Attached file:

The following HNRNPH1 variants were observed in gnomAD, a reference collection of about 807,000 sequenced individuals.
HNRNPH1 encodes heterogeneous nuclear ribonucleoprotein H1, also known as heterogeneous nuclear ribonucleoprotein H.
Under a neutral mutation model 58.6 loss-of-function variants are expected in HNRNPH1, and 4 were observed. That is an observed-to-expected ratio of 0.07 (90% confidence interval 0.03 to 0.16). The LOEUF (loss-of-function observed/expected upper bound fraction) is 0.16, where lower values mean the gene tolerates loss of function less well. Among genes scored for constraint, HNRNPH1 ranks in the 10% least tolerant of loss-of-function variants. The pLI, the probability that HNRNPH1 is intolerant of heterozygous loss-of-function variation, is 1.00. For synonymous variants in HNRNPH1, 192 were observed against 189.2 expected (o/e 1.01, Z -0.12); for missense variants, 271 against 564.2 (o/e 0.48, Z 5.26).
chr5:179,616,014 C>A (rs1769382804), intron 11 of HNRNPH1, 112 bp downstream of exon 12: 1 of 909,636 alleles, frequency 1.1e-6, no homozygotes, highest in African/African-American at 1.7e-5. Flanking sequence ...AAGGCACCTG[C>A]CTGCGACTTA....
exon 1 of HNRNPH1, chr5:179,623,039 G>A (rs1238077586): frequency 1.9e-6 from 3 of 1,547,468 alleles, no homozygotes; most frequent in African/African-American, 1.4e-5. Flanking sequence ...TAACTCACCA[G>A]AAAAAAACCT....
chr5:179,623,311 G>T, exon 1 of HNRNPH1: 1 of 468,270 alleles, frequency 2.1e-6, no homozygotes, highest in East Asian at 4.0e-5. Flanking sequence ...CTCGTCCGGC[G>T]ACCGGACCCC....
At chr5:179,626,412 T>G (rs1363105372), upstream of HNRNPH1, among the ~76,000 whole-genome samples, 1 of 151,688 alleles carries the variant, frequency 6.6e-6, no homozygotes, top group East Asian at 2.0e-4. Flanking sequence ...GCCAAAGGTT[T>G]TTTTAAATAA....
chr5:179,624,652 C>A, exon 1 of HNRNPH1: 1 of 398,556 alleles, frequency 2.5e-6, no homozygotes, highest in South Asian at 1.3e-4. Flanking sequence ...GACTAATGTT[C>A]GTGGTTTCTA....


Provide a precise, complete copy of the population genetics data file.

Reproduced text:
The following HNRNPH1 variants were observed in gnomAD, a reference collection of about 807,000 sequenced individuals.
HNRNPH1 encodes heterogeneous nuclear ribonucleoprotein H1, also known as heterogeneous nuclear ribonucleoprotein H.
Under a neutral mutation model 58.6 loss-of-function variants are expected in HNRNPH1, and 4 were observed. That is an observed-to-expected ratio of 0.07 (90% confidence interval 0.03 to 0.16). The LOEUF (loss-of-function observed/expected upper bound fraction) is 0.16, where lower values mean the gene tolerates loss of function less well. Among genes scored for constraint, HNRNPH1 ranks in the 10% least tolerant of loss-of-function variants. The pLI, the probability that HNRNPH1 is intolerant of heterozygous loss-of-function variation, is 1.00. For synonymous variants in HNRNPH1, 192 were observed against 189.2 expected (o/e 1.01, Z -0.12); for missense variants, 271 against 564.2 (o/e 0.48, Z 5.26).
chr5:179,616,014 C>A (rs1769382804), intron 11 of HNRNPH1, 112 bp downstream of exon 12: 1 of 909,636 alleles, frequency 1.1e-6, no homozygotes, highest in African/African-American at 1.7e-5. Flanking sequence ...AAGGCACCTG[C>A]CTGCGACTTA....
exon 1 of HNRNPH1, chr5:179,623,039 G>A (rs1238077586): frequency 1.9e-6 from 3 of 1,547,468 alleles, no homozygotes; most frequent in African/African-American, 1.4e-5. Flanking sequence ...TAACTCACCA[G>A]AAAAAAACCT....
chr5:179,623,311 G>T, exon 1 of HNRNPH1: 1 of 468,270 alleles, frequency 2.1e-6, no homozygotes, highest in East Asian at 4.0e-5. Flanking sequence ...CTCGTCCGGC[G>T]ACCGGACCCC....
At chr5:179,626,412 T>G (rs1363105372), upstream of HNRNPH1, among the ~76,000 whole-genome samples, 1 of 151,688 alleles carries the variant, frequency 6.6e-6, no homozygotes, top group East Asian at 2.0e-4. Flanking sequence ...GCCAAAGGTT[T>G]TTTTAAATAA....
chr5:179,624,652 C>A, exon 1 of HNRNPH1: 1 of 398,556 alleles, frequency 2.5e-6, no homozygotes, highest in South Asian at 1.3e-4. Flanking sequence ...GACTAATGTT[C>A]GTGGTTTCTA....